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Re: Entailment / Datalog Complete, Sound, Terminating / English Reasoning

From: Graham Klyne <GK@ninebynine.org>
Date: Fri, 23 May 2003 10:40:30 +0100
Message-Id: <>
To: Adrian Walker <adrianw@snet.net>
Cc: www-rdf-logic@w3.org

At 22:12 22/05/03 -0400, Adrian Walker wrote:
>I was surprised to learn that RDF reasoning appears to be very restricted, 
>as in:
>  "...a more complex fact is expressed in RDF using a conjunction 
> (logical-AND) of simple binary relationships. RDF does not provide means 
> to express negation (NOT) or disjunction (OR). The expressive power of 
> RDF corresponds to the existential-conjunctive (EC) subset of first order 
> logic"   [http://www.w3.org/TR/rdf-concepts/]
>Surely, for RDF to function as useful service-finding glue in the Semantic 
>Web, it should at least support discovery of resources by being able to 
>walk arbitrary depth first- and second-order hierarchies/ontologies ?

[I should mention that the wording you cite is not strictly accurate, and 
is being changed, but for the purposes of this discussion may be regarded 
as not-too-misleading.]

I'd agree that such capabilities may be required in the tools and systems 
that use RDF information, but I don't think that's equivalent to saying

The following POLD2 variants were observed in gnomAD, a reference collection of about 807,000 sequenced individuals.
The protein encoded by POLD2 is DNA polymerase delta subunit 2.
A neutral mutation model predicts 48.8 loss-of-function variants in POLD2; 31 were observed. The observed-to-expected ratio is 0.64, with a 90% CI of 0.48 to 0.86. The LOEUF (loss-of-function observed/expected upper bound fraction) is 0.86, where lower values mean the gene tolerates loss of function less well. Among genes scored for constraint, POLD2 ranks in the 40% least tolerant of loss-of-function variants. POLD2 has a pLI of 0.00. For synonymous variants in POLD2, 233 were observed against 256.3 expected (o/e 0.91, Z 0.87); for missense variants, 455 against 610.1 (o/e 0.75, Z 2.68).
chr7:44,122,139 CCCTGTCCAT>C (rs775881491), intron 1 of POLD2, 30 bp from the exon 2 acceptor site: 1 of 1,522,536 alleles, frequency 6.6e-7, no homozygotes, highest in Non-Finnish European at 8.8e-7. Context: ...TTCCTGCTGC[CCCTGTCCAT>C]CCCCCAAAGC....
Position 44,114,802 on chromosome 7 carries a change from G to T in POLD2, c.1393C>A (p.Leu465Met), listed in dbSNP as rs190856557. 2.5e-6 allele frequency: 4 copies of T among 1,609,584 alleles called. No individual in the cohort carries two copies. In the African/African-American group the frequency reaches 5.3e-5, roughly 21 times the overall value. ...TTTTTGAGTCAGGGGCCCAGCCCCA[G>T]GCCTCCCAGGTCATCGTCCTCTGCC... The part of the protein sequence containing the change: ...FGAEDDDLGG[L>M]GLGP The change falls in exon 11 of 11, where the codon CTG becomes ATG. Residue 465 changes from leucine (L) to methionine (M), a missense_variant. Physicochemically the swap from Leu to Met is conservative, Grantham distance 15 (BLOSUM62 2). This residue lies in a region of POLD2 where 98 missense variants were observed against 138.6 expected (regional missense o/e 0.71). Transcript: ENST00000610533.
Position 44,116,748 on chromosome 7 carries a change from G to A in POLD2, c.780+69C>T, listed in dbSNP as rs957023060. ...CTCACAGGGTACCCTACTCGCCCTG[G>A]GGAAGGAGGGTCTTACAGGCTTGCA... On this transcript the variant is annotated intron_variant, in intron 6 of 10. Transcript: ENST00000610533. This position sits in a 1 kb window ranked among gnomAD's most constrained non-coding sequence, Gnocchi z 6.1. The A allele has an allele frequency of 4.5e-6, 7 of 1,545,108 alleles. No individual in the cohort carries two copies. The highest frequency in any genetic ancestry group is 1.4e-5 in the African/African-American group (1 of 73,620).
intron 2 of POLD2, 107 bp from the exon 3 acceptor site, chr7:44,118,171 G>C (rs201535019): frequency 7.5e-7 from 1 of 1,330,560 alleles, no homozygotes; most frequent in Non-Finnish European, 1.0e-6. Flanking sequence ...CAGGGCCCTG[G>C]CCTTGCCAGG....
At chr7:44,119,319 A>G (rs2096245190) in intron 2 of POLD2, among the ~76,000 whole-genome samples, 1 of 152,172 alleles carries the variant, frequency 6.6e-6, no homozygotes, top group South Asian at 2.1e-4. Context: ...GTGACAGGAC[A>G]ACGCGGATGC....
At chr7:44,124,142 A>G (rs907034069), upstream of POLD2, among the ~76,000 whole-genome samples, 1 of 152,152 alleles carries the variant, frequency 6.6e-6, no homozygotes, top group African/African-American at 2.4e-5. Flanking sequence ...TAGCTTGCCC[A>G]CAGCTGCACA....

that the capabilities must be built into RDF itself.  Any more than, say, 
bare numbers contain the means to express addition or multiplication.

There is work in progress to address the other capabilities you 
seek:  informally, there's CWM and a number of other software developments 
that use RDF.  And in the standards arena, there's the W3C OWL working 
group.  And there are groups of people looking into query and rules 
languages for RDF, in a pre-standardization mode.

In a sense, the rest of your message hints at the difficulty, in which you 
mention at least two possible (different?) approaches to reasoning that 
might be used with RDF.  Do we really know enough at this stage to know 
what form web-based reasoning should take?  Personally, I think this is an 
area where different mechanisms will be appropriate for different purposes, 
varying from utterly ad-hoc programs that manipulate certain RDF 
vocabularies (e.g. PIMs using RDF to exchange schedule information) to very 
formalized systems for establishing and interpreting digital contracts 
(e.g. access control to sensitive facilities).  I think the strength of RDF 
here is that it's agnostic enough about reasoning methods to be used with 
any or all of these -- it lets us exchange information, but doesn't tell us 
how to "think".

And meanwhile, various folks are working away at creating a diverse range 
of actual applications using RDF, notwithstanding it's very limited 
expressive capabilties...


Graham Klyne
PGP: 0FAA 69FF C083 000B A2E9  A131 01B9 1C7A DBCA CB5E
Received on Friday, 23 May 2003 07:06:00 UTC

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